As I went for my Sunday morning run, I imagined what might be waiting for me when I returned to my mother's house. Would I be greeted by the smell of hot coffee, or maybe an omelet and some fresh biscuits? Truth be told, my mother hated cooking, but breakfast was her thing, and so was taking care of her family. She always made me breakfast when I visited.
But this wasn't what greeted me. Instead, the house was quiet. Furniture ready to be moved was strewn haphazardly throughout the living room. Packing tape, bags and boxes lined the counters in the kitchen. There was no coffee, in fact, no food at all in the kitchen. The refrigerator was bare except for a few drinks and a lone takeout container.
The reason? Madeline doesn't live here anymore. I have slowly been dismantling her house, her life, one small piece at a time. Each day. it becomes less and less her house as drawers and closets are now empty and the walls stand bare. I close my eyes and try to remember festive Christmas celebrations in between these walls. I picture my children crawling up the steps. I recall visits home from college and in my 20s when I was so happy to have a warm bed, a place to do laundry and a hot breakfast waiting for me.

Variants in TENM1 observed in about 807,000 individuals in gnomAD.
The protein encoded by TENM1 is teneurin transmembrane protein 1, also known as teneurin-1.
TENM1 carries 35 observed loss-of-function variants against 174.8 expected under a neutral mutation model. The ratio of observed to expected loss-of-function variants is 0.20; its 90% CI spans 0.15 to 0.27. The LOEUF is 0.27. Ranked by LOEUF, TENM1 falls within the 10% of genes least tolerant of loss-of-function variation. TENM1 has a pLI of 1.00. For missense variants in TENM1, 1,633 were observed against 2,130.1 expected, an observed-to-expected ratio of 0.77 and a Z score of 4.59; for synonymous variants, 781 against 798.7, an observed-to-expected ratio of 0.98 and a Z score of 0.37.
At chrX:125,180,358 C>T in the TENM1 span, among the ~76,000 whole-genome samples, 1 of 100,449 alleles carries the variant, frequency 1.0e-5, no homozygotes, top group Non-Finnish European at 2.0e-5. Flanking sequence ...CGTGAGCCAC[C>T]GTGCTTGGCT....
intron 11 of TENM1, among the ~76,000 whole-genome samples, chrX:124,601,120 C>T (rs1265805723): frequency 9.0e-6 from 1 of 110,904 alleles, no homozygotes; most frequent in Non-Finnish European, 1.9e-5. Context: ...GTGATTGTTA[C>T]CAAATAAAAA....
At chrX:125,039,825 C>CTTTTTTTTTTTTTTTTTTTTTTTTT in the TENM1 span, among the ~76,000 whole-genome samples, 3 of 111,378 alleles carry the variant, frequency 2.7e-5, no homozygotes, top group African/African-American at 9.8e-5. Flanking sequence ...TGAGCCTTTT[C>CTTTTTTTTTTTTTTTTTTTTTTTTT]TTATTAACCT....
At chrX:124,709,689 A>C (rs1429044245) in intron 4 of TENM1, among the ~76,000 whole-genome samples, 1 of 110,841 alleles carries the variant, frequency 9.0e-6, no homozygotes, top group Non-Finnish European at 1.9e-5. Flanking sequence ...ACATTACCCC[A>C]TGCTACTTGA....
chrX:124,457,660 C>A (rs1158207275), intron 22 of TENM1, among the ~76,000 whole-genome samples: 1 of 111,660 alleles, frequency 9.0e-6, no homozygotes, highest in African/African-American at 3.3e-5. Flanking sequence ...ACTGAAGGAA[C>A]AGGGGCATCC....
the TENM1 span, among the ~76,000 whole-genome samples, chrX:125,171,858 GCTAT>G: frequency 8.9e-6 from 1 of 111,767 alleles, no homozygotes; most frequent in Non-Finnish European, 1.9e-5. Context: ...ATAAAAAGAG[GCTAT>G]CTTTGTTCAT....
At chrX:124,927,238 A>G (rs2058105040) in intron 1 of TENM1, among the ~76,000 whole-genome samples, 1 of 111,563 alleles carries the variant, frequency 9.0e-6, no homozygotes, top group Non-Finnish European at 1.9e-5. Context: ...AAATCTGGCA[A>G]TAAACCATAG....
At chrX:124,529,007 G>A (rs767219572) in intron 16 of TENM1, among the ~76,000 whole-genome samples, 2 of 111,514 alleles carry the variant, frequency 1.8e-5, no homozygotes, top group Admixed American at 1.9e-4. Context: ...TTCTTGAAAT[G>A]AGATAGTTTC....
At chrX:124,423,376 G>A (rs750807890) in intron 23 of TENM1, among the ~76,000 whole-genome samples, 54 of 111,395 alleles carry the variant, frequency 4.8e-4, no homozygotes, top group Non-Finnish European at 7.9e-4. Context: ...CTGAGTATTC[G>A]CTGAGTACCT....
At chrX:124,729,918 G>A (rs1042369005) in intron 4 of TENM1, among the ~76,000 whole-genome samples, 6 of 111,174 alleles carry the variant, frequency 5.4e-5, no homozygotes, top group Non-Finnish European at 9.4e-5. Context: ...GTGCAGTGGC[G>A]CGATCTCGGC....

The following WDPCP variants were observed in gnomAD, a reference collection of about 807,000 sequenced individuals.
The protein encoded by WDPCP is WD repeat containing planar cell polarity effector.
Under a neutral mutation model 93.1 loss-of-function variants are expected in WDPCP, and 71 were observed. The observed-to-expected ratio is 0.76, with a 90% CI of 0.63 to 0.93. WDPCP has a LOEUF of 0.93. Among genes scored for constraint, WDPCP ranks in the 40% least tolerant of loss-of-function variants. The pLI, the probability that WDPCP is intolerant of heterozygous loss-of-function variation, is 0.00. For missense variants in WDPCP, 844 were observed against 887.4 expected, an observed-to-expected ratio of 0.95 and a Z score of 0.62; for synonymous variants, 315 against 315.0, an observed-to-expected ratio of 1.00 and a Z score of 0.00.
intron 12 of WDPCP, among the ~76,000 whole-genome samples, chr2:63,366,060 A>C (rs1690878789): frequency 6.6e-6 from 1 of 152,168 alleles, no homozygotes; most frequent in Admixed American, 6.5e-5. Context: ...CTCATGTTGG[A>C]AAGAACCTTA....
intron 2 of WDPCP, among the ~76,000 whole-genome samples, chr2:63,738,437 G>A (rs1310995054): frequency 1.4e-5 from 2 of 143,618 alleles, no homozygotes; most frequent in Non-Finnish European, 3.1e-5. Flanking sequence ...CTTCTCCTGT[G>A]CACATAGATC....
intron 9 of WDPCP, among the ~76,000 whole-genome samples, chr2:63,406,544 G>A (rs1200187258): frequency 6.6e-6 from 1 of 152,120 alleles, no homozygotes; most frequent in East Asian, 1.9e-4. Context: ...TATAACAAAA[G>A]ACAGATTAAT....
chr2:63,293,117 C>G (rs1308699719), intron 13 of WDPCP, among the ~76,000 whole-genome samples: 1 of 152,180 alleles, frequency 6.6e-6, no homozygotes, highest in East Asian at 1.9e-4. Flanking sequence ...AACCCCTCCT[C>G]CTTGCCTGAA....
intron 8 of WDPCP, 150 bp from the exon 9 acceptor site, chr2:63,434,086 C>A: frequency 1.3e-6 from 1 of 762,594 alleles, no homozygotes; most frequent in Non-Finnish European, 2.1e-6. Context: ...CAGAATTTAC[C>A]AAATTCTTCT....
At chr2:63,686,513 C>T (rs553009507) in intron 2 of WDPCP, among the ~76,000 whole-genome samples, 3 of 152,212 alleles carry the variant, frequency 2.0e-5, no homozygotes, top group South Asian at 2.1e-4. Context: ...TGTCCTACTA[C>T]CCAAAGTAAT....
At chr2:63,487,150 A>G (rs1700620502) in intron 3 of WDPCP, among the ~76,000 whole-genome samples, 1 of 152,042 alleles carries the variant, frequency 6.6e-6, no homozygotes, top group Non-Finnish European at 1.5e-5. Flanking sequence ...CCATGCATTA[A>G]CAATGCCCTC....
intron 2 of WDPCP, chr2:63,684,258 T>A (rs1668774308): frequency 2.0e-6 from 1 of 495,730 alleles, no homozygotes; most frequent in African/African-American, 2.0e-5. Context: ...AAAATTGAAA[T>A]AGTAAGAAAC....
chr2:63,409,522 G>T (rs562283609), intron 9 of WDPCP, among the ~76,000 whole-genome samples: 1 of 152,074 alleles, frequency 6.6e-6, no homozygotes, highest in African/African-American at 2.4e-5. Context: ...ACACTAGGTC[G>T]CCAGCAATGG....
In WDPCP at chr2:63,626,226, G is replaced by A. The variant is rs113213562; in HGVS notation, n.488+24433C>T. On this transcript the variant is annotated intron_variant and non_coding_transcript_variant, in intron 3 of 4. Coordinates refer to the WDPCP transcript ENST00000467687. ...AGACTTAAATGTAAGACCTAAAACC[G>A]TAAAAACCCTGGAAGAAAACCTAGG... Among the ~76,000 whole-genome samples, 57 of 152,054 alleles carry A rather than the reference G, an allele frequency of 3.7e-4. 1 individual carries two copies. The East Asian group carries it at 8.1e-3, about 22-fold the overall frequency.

I remember my teenager self, full of angst, lounging on the couch watching television and ignoring my mother.
But in a few days I will lock the door forever and another family will begin the process of making their own memories within these walls. Never one good with major transitions, I am preparing myself for this moment. While I know that my mother is not here in this house, it is still very difficult to say goodbye to 30 years of memories.
I have packed many boxes with special pieces of my mother's life that will continue to remind me of her. I will unpack them slowly when I get home, savoring the moment, taking in the significance of each item. Hopefully, when it is all done, I can wear one of her rings, look at one of her paintings or light one of her candles and it will always remind me of her. That's how she will continue to live on in our lives with constant daily reminders like these.
For now, the physical place is still my touchstone to my mother. The last place that I can find her, even amongst the boxes and packing tape. But when I close that door for the last time and get in my car to drive back to North Carolina, I only hope that she will come with me ...
Amanda is a mom of two, a reporter for WRAL-TV and the author of several books including three on motherhood. Find her here on Mondays.